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Radicals Use Local Governments to Persecute Christians

6/10/2013 Washington D.C. (International Christian Concern) – International Christian Concern (ICC) has learned that two Christian men were arrested in Ethiopia by local police influenced by radical Muslims. In separate incidents, these men were detained by local police for what authorities are calling “crimes against Islam,” even though no such crime exists in Ethiopia’s penal code.
In late March, Alemlayehu Legese was arrested by local police in Dodola, a city located 180 miles south of Addis Ababa, after admitting to owning literature that “discussed the history of Islam from a Christian perspective.” Legese, a student at Dodola Mekane Yesus Bible School, dropped off the literature at a copy shop where a Muslim employee who felt Christians should not be allowed to read about the history of Islam contacted police. “The police officers treated this incident as if it were a terrorist attack,” an ICC representative in Ethiopia said.
Fearful the investigation could lead to widespread violence, the local church advised Legese to report to the police and admit to owning the literature. Upon reporting to the police, Legese was arrested and imprisoned. When ICC asked why Legese was being imprisoned without being formally charged, the local police commander said they were detaining Legese to “cool down the anger of local Muslims.” It has been over two months since Legese was imprisoned, formal charges are yet to be laid against him.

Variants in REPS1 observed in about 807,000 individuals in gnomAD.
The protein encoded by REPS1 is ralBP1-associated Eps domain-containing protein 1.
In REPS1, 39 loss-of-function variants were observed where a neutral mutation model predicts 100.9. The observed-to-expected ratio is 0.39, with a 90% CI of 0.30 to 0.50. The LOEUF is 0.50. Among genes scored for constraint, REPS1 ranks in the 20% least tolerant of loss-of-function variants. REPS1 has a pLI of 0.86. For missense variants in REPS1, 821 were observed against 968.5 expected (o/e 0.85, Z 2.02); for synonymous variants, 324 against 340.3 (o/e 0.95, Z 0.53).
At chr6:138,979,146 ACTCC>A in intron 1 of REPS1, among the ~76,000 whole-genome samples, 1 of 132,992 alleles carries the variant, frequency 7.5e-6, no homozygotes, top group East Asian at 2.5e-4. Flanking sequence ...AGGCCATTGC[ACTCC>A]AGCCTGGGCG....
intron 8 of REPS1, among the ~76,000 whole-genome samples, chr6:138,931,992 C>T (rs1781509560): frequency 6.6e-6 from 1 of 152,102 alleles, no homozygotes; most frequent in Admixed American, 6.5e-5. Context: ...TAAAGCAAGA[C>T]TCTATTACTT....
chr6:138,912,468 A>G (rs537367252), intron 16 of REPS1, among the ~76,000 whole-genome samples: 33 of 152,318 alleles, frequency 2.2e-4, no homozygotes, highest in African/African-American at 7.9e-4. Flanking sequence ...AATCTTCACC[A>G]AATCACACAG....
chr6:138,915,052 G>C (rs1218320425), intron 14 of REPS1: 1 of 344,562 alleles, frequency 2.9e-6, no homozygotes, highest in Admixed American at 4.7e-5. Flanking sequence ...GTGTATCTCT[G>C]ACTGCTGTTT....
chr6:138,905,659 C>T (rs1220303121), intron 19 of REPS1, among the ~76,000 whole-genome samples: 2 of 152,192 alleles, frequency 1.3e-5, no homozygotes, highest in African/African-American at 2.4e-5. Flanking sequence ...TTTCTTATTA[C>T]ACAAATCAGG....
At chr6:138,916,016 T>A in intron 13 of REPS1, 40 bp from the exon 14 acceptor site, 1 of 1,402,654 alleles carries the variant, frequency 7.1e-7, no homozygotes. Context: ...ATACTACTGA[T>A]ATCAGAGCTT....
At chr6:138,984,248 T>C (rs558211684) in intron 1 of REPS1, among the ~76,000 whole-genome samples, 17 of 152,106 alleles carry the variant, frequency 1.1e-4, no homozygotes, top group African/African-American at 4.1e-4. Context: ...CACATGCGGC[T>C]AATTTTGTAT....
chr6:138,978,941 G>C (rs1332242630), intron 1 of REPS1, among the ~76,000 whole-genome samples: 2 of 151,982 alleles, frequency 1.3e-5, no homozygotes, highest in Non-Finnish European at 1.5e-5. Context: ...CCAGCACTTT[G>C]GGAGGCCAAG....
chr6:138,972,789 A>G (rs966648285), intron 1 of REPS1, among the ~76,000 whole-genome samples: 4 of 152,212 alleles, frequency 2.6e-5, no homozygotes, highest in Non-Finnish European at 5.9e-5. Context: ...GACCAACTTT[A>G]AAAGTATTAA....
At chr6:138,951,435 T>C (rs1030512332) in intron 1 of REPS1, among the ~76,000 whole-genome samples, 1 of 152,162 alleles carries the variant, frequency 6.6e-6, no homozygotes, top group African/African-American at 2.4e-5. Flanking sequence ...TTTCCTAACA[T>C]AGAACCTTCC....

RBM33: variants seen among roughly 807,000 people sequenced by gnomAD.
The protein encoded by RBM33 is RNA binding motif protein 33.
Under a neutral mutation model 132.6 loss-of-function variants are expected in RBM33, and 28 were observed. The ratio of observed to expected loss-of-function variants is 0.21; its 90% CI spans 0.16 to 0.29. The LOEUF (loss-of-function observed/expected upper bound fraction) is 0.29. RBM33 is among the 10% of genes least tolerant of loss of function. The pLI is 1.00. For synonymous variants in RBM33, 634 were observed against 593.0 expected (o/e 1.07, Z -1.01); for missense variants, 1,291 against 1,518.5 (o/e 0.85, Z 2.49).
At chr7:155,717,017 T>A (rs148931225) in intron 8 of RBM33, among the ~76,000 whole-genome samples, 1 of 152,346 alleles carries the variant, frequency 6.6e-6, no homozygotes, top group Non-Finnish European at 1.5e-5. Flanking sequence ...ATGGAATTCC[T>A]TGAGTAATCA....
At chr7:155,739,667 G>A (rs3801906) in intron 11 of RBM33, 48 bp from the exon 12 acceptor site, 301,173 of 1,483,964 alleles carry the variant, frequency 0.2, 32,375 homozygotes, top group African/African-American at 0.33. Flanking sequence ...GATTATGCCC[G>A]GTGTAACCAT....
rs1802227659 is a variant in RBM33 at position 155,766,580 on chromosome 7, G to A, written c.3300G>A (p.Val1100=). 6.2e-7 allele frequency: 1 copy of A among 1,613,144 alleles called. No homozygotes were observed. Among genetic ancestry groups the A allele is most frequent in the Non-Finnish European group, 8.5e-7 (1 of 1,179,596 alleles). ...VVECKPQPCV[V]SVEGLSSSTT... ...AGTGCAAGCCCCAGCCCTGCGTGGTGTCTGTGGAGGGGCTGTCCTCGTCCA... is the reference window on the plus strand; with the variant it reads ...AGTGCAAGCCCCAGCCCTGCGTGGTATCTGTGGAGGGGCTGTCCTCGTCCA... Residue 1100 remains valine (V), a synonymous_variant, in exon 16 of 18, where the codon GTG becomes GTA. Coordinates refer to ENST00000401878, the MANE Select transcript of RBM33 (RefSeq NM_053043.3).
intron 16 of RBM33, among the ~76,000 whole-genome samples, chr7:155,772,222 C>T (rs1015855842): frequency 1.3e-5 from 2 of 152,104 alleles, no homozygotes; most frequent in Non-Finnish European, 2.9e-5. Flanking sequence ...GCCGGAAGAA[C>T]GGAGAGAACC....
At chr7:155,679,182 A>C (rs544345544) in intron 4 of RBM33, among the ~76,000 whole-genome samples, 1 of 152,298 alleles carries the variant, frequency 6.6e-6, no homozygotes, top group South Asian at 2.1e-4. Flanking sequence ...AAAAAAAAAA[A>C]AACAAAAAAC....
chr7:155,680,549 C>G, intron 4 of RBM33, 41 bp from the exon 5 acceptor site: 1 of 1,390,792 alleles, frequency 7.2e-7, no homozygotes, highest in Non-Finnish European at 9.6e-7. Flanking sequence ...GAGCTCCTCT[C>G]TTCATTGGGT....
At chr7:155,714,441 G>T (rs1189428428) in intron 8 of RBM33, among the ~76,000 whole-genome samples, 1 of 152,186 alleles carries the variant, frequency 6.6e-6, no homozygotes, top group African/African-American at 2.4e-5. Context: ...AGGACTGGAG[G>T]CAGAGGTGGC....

On May 25, Tamirat Woldegiorgis, a Christian living in Moyale Town, located on Ethiopia’s border with Kenya, was arrested by local police. Many are concerned this arrest is connected to a previous arbitrary detention Woldegiorgis served from 2010-2012, when he spent 22 months in prison because local police accused him of “crimes against Islam.”
Local radicals claimed that Woldegiorgis wrote “Jesus is Lord” on the notebook of a student attending a local madrassa. Woldegiorgis was released on May 2, 2012 when human rights organizations, including ICC, became involved in the case. Woldegiorgis was again released on June 5, but was required to pay a bail of $5,319 for an unspecified criminal charge and will still face court hearings on June 10.
ICC’s Regional Manager for Africa, William Stark, said, “The Ethiopian Constitution and the country’s laws protect the freedom of religion. Both Tamirat Woldegiorgis and Alemlayehu Legese are being denied that right and have reported being terrorized by their captors because of their Christian faith. These Christian men are being unlawfully punished for “crimes against Islam” as interpreted by local police who are being influenced by radical pressures or ideologies. ICC has contacted both police stations and asked that the charges against both Woldegiorgis and Legese be dropped. In an effort to secure the innocence of these men, ICC is calling on people to contact the Ethiopian Embassy, either by phone at (202) 364-1200 or email at [email protected], to demand the charges against these Christian men be dropped immediately.